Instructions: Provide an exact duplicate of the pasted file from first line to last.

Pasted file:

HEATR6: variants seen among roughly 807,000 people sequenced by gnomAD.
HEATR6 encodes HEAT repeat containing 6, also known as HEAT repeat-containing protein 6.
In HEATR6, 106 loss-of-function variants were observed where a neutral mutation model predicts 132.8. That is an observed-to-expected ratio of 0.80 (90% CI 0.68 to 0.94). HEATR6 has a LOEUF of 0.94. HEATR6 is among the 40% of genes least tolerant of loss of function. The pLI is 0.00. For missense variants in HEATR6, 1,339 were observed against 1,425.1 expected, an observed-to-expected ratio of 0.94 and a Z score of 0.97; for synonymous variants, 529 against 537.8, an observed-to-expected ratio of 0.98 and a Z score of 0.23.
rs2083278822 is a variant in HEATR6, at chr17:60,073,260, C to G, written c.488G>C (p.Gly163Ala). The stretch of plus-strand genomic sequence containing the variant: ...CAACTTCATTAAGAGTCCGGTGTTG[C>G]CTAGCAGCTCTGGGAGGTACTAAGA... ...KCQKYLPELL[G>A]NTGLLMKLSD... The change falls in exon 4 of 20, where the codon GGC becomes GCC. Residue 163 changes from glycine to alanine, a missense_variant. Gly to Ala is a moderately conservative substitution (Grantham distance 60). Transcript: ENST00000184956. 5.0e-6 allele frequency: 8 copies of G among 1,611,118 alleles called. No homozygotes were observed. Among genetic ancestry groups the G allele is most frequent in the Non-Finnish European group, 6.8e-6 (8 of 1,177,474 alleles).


HEATR6: variants seen among roughly 807,000 people sequenced by gnomAD.
HEATR6 encodes HEAT repeat containing 6, also known as HEAT repeat-containing protein 6.
In HEATR6, 106 loss-of-function variants were observed where a neutral mutation model predicts 132.8. That is an observed-to-expected ratio of 0.80 (90% CI 0.68 to 0.94). HEATR6 has a LOEUF of 0.94. HEATR6 is among the 40% of genes least tolerant of loss of function. The pLI is 0.00. For missense variants in HEATR6, 1,339 were observed against 1,425.1 expected, an observed-to-expected ratio of 0.94 and a Z score of 0.97; for synonymous variants, 529 against 537.8, an observed-to-expected ratio of 0.98 and a Z score of 0.23.
rs2083278822 is a variant in HEATR6, at chr17:60,073,260, C to G, written c.488G>C (p.Gly163Ala). The stretch of plus-strand genomic sequence containing the variant: ...CAACTTCATTAAGAGTCCGGTGTTG[C>G]CTAGCAGCTCTGGGAGGTACTAAGA... ...KCQKYLPELL[G>A]NTGLLMKLSD... The change falls in exon 4 of 20, where the codon GGC becomes GCC. Residue 163 changes from glycine to alanine, a missense_variant. Gly to Ala is a moderately conservative substitution (Grantham distance 60). Transcript: ENST00000184956. 5.0e-6 allele frequency: 8 copies of G among 1,611,118 alleles called. No homozygotes were observed. Among genetic ancestry groups the G allele is most frequent in the Non-Finnish European group, 6.8e-6 (8 of 1,177,474 alleles).